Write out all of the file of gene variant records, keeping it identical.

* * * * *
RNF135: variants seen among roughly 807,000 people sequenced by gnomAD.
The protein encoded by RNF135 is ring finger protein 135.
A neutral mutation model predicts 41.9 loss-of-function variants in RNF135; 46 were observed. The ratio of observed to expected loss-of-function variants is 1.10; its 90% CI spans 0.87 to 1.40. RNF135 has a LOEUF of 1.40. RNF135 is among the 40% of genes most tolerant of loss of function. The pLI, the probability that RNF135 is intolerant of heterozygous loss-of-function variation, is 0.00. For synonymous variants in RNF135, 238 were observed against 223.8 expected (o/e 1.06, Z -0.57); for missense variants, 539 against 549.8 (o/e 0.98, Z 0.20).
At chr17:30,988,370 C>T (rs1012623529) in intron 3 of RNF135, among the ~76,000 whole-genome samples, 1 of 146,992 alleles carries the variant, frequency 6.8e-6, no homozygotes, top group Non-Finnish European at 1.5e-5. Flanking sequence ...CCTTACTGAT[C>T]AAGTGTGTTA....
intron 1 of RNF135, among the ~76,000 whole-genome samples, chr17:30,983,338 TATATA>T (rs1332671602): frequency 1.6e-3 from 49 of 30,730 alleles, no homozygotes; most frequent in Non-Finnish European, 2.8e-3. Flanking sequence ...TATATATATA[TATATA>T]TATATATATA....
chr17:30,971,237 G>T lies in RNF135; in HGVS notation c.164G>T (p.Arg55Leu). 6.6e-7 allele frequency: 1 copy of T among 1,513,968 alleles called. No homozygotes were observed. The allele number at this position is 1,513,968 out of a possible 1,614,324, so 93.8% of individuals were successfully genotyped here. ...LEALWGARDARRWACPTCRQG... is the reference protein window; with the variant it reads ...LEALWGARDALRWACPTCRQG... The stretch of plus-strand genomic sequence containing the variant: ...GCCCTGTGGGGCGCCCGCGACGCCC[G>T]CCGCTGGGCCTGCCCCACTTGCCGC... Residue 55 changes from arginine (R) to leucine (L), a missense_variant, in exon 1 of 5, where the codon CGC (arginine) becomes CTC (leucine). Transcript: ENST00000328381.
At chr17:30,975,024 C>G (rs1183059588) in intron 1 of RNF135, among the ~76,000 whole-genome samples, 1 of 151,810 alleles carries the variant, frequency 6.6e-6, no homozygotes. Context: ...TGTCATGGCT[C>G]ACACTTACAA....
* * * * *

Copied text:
RNF135: variants seen among roughly 807,000 people sequenced by gnomAD.
The protein encoded by RNF135 is ring finger protein 135.
A neutral mutation model predicts 41.9 loss-of-function variants in RNF135; 46 were observed. The ratio of observed to expected loss-of-function variants is 1.10; its 90% CI spans 0.87 to 1.40. RNF135 has a LOEUF of 1.40. RNF135 is among the 40% of genes most tolerant of loss of function. The pLI, the probability that RNF135 is intolerant of heterozygous loss-of-function variation, is 0.00. For synonymous variants in RNF135, 238 were observed against 223.8 expected (o/e 1.06, Z -0.57); for missense variants, 539 against 549.8 (o/e 0.98, Z 0.20).
At chr17:30,988,370 C>T (rs1012623529) in intron 3 of RNF135, among the ~76,000 whole-genome samples, 1 of 146,992 alleles carries the variant, frequency 6.8e-6, no homozygotes, top group Non-Finnish European at 1.5e-5. Flanking sequence ...CCTTACTGAT[C>T]AAGTGTGTTA....
intron 1 of RNF135, among the ~76,000 whole-genome samples, chr17:30,983,338 TATATA>T (rs1332671602): frequency 1.6e-3 from 49 of 30,730 alleles, no homozygotes; most frequent in Non-Finnish European, 2.8e-3. Flanking sequence ...TATATATATA[TATATA>T]TATATATATA....
chr17:30,971,237 G>T lies in RNF135; in HGVS notation c.164G>T (p.Arg55Leu). 6.6e-7 allele frequency: 1 copy of T among 1,513,968 alleles called. No homozygotes were observed. The allele number at this position is 1,513,968 out of a possible 1,614,324, so 93.8% of individuals were successfully genotyped here. ...LEALWGARDARRWACPTCRQG... is the reference protein window; with the variant it reads ...LEALWGARDALRWACPTCRQG... The stretch of plus-strand genomic sequence containing the variant: ...GCCCTGTGGGGCGCCCGCGACGCCC[G>T]CCGCTGGGCCTGCCCCACTTGCCGC... Residue 55 changes from arginine (R) to leucine (L), a missense_variant, in exon 1 of 5, where the codon CGC (arginine) becomes CTC (leucine). Transcript: ENST00000328381.
At chr17:30,975,024 C>G (rs1183059588) in intron 1 of RNF135, among the ~76,000 whole-genome samples, 1 of 151,810 alleles carries the variant, frequency 6.6e-6, no homozygotes. Context: ...TGTCATGGCT[C>G]ACACTTACAA....